Super Typhoon Wipha was approaching the coast of China on the afternoon of September 18, 2007, when the Moderate Resolution Imaging Spectroradiometer (MODIS) on NASA’s Aqua satellite captured this photo-like image. At the time (12:40 p.m. local time, 4:40 UTC), Wipha had winds between 250 kilometers per hour (155 miles per hour or 135 knots) and 240 km/hr (150 mph or 130 knots), making it a strong Category 4 storm and a Super Typhoon (a typhoon with winds of at least 130 knots). The storm weakened shortly after this image was taken and was forecast to weaken further before making landfall over the densely populated East China coast late on September 18 or early on September 19.
Though the storm was weakening, it was anticipated to be the strongest storm to hit China in a decade, reported Xinhua, China’s news agency. In preparation for the storm, the government evacuated about two million people in three provinces, said Xinhua. The storm had already started to soak Taiwan with heavy rains by the time this image was taken. The spiraling bands of rain clouds cover the island in this image, though the dark, well-defined eye remains offshore to the north. The image also reveals just how large Wipha was. Including its outer bands, which stretch from the Philippines (visible in the large image) in the south to the East China coast in the north, Wipha sprawls over several hundred kilometers.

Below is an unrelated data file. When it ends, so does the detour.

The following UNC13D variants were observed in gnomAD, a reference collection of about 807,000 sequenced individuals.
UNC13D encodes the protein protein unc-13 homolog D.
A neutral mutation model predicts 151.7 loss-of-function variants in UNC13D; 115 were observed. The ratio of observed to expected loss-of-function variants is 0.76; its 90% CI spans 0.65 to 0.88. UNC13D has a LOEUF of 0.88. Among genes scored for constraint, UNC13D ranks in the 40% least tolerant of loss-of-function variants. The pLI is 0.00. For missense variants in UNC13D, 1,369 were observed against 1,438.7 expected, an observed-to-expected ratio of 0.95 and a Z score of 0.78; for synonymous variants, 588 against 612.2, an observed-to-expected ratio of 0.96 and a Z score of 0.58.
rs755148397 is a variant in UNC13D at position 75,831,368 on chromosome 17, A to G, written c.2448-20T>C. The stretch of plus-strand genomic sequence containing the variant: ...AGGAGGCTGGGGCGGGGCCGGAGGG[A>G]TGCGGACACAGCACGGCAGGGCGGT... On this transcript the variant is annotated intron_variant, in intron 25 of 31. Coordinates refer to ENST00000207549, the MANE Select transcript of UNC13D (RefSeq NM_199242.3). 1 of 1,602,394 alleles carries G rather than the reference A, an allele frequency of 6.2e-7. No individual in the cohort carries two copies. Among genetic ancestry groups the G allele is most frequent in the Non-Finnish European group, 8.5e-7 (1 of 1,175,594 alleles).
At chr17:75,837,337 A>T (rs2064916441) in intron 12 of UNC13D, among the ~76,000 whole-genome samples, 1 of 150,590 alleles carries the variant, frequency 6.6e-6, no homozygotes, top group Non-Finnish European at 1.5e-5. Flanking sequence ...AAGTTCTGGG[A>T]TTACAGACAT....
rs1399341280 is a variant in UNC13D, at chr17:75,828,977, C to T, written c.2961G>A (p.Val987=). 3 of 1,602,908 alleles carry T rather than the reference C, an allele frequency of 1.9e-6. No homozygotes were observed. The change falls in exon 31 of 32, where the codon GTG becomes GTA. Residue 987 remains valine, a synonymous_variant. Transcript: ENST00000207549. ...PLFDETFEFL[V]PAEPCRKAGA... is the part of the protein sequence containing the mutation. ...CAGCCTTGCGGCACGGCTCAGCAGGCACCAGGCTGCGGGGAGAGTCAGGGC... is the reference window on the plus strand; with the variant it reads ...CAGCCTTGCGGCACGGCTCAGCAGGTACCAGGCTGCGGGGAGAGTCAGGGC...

The high-resolution image provided above is at MODIS’ full spatial resolution (level of detail) of 250 meters per pixel. The MODIS Rapid Response System provides this image at additional resolutions.
You can also download a 250-meter-resolution KMZ file of Super Typhoon Wipia suitable for use with Google Earth.
NASA image by Jeff Schmaltz, MODIS Rapid Response Team, Goddard Space Flight Center.
- Aqua - MODIS